Explore the Quaker way: read about the basics of our faith, find answers to common questions and find a Quaker meeting near you.
Come and See! Reflections from FWCCs Americas Section Meeting
¡Ven y Ve! Come and See! (John 1:46) was the theme for the Americas meeting of Friends World Committee for Consultation, held in March 2019. Eleven New England Friends came to Excelsior Springs, Missouri, to see and to so-briefly dwell together with Friends from across the Americas and the many branches of the Quaker family tree. We gathered in worship (semi-programmed and unprogrammed), Bible study, home groups, business, blessing of the Traveling Ministry Corps, workshops and interest groups, meals, and walks around beautiful Lake Doniphen. Following are reflections shared by several New England Friends.
Dwelling deeply together, and at times living with unsettling questions, New England Friends taking part were deeply rewarded. Greg Woods and Minga Claggett-Borne (Friends Meeting at Cambridge, MA), members of FWCC’s Traveling Ministry Corps, came early for a three-day training held immediately before the meeting. For Greg, “the time with the traveling ministers from both North and South Americas was a time of rich renewal and a confirmation of gifts among us ministers.” Dorothy Grannell (Portland, ME, Friends Meeting) shares, “I feel that the Section of the Americas is 'home.' In our home groups (small groups which meet daily), when we settle into silence after a brief check-in with individuals from across the spectrum of Friends and turn to our query, it is as if we are melded into one being. No words are needed. There is unity and comfort. When words come they are received and held in love. There is no place where I feel more at home, safe, cared for or complete. I feel I am one with God.”
It was a joy that more Friends from Central and South America and the Caribbean were able to travel to a meeting in North America this year. Several Latin American members of the Traveling Ministry Corps, however, were denied visas, and their absence, and the privilege of North American Friends, were painfully felt. The office for the Section of the Americas is located in North America, as are most of the Section meetings. Thus challenged, we are still living ever more deeply into being a co-equal organization, with fuller participation by Latin American Friends. We took time in business session to recognize the steadfast ministry of our interpreters. Interpretation is truly a ministry, requiring faithfulness to the word and the Seed that the word springs from, that blesses the speaker and hearer, and the ministering Friend alike.
The Section Meeting gives Friends the opportunity to listen to one another across culture as well as language. Christel Jorgenson (Friends Meeting at Cambridge) reflects, “The business and plenaries seemed to be long, but related to being a family-of-Friends gathering: recognizing people, hearing their voices, discerning what is important, reflecting on our differences and our similarities.” Judy Goldberger (Beacon Hill, MA, Friends Meeting) reflects, “I grew up experiencing multiple cultural perspectives on everyday life, around people who challenged themselves to dismantle privilege. So FWCC feels like home. The meeting communities I’ve been a part of have been largely (though not completely) more homogeneous. While I need to be grounded in my own spiritual path, I miss out on the fullest perspective on our Creator when viewing the Creation through only one lens.”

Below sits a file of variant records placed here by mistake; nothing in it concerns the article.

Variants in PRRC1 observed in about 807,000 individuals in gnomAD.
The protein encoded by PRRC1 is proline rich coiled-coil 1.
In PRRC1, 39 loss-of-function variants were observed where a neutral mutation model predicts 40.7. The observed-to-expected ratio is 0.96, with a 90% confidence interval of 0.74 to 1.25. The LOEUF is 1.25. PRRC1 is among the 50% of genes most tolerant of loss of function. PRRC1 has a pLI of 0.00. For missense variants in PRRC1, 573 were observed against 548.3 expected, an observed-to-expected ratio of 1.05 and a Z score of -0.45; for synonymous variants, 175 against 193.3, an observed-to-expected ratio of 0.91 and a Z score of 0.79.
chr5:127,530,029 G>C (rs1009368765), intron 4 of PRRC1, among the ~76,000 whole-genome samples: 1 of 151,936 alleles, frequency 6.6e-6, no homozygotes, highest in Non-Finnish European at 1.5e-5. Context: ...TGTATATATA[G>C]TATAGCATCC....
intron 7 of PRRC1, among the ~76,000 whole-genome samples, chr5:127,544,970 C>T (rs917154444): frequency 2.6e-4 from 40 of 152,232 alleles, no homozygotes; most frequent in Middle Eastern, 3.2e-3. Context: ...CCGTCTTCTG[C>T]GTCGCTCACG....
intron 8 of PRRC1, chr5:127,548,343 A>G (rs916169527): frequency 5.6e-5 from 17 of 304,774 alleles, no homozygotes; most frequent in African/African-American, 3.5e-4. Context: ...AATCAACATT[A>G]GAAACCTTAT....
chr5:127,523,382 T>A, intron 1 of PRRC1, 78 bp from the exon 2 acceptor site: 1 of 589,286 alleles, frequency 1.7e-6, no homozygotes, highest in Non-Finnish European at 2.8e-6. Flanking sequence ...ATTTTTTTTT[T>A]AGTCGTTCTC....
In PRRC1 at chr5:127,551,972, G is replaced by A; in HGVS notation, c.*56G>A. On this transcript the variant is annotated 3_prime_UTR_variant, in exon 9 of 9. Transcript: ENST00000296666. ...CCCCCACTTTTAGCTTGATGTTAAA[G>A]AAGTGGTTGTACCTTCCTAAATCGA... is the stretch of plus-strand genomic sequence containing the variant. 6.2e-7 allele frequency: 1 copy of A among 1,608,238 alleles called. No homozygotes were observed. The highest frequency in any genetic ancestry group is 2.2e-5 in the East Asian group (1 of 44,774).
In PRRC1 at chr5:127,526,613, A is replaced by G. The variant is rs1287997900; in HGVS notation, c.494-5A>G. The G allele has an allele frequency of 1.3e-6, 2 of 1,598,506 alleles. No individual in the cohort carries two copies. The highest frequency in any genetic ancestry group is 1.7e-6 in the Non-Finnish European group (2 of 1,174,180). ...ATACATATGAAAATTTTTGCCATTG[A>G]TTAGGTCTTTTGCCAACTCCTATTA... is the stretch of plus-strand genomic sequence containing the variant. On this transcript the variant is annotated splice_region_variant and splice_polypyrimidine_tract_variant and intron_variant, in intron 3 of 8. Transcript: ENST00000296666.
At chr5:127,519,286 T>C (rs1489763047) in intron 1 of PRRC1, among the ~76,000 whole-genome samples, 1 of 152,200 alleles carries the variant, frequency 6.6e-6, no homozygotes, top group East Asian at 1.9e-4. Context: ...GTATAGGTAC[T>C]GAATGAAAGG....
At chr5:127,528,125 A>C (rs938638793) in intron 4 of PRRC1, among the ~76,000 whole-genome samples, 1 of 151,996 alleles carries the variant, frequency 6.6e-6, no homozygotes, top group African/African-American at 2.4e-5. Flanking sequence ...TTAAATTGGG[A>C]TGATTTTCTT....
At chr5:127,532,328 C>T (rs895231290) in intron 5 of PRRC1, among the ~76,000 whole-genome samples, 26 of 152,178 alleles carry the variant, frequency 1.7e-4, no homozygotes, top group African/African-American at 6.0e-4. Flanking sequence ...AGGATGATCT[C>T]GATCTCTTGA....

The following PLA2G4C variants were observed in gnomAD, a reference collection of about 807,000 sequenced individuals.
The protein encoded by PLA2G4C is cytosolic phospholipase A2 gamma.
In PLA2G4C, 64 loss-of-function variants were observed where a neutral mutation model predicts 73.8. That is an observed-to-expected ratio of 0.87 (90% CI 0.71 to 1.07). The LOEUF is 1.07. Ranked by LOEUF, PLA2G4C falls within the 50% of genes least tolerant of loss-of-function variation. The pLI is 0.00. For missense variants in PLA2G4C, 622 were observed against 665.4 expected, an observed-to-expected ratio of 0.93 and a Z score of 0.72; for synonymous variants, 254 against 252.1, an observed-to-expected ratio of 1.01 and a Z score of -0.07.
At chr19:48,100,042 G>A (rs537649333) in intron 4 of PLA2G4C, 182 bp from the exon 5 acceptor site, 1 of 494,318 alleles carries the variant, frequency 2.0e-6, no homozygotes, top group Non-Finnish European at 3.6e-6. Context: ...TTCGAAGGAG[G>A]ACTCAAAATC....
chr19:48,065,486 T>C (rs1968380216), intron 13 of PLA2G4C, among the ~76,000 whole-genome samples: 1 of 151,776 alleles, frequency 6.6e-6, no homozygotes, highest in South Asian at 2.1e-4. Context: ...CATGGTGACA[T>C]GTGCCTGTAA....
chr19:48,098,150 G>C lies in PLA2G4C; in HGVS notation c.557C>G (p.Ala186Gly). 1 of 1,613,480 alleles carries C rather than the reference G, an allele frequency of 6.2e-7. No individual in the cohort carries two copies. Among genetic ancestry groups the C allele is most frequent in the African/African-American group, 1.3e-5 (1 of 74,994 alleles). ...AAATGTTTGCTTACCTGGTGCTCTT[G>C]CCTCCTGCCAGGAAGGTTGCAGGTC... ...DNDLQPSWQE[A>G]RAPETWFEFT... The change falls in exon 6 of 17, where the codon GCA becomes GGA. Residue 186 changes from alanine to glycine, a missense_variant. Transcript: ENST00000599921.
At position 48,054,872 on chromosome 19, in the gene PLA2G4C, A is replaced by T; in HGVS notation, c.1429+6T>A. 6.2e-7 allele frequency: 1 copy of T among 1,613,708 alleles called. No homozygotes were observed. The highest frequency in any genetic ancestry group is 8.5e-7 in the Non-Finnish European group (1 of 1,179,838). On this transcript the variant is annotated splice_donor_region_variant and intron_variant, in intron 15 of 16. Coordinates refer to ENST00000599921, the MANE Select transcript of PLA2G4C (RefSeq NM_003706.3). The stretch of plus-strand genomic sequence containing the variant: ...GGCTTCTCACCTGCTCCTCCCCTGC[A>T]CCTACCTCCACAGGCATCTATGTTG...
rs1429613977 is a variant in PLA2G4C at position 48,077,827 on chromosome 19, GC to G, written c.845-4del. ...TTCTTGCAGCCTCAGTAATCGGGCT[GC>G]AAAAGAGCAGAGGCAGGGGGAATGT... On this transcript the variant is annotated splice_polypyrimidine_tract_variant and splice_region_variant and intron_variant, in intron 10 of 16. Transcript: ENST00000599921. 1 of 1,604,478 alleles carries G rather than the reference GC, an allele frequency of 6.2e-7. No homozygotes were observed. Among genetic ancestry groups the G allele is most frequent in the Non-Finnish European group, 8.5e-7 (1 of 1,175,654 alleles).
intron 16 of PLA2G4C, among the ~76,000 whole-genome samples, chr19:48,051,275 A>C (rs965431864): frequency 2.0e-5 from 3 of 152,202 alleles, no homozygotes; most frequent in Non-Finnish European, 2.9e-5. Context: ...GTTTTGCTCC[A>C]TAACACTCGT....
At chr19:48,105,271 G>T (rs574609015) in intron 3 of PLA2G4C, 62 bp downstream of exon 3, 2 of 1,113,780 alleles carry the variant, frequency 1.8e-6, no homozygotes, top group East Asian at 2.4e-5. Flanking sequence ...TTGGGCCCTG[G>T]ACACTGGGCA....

While we live to be grounded in God, temporally we are enmeshed in a web of unequal colonial and neocolonial relationships grounded in racist assumptions. Mary Hopkins (Fresh Pond, MA, Friends Meeting), in reflecting on the opportunity to listen deeply to a painful story shared in conversation, notes “We're working across big chasms, and one of them is that our friends in other countries are often in situations where life and death questions are settled differently than they are here.” Listening for the story behind the story, she reflects, we may find ourselves confronting structural injustice. How do we react? Are we seduced by a First-World savior complex that would further enmesh us in hierarchical relationships and self-understanding of helper and victim? These questions are crucial ones to engage in, and in FWCC we find a laboratory in community. New England Friends took part in interest groups on sharing our message and community, sustainability, and colonialism, among others, with the takeaway that we need to make changes.
We also have the opportunity to listen to one another across the branches of the Quaker family tree and take part in forms of worship that may seem unfamiliar. We experience deep joy, open up to new insights, and sometimes confront unsettling questions. What is Spirit? What is culture? For example, what are our assumptions about silence? Mary experienced an instance of a friend stumbling across rules that are not stated explicitly. What privileging of our own understandings and rules are we called to let go of?
New England Friends attending were: Benigno Sanchez-Eppler (Northampton, MA, Friends Meeting), Betsy Cazden (Providence, RI, FM), Christel Jorgenson, Debbie Humphries (Hartford, CT, FM), Dorothy Grannell, Greg Woods, Jonathan Vogel-Borne (Cambridge), Judy Goldberger, Mary Hopkins, Minga Claggett-Borne, and Noah Merrill (Putney, VT, FM). For more information on Friends World Committee for Consultation, contact Greg Woods, clerk of NEYM’s FWCC committee. He notes: “At age 34, I noticed that a lot of the representatives from the US and Canada are older; many are retired. I highly encourage young adults to contact me if you have any interest in serving as a FWCC Section of the Americas representative in the future. We have open spots for representatives from New England Yearly Meeting.” The Section holds meetings every other year in different locations in the Americas.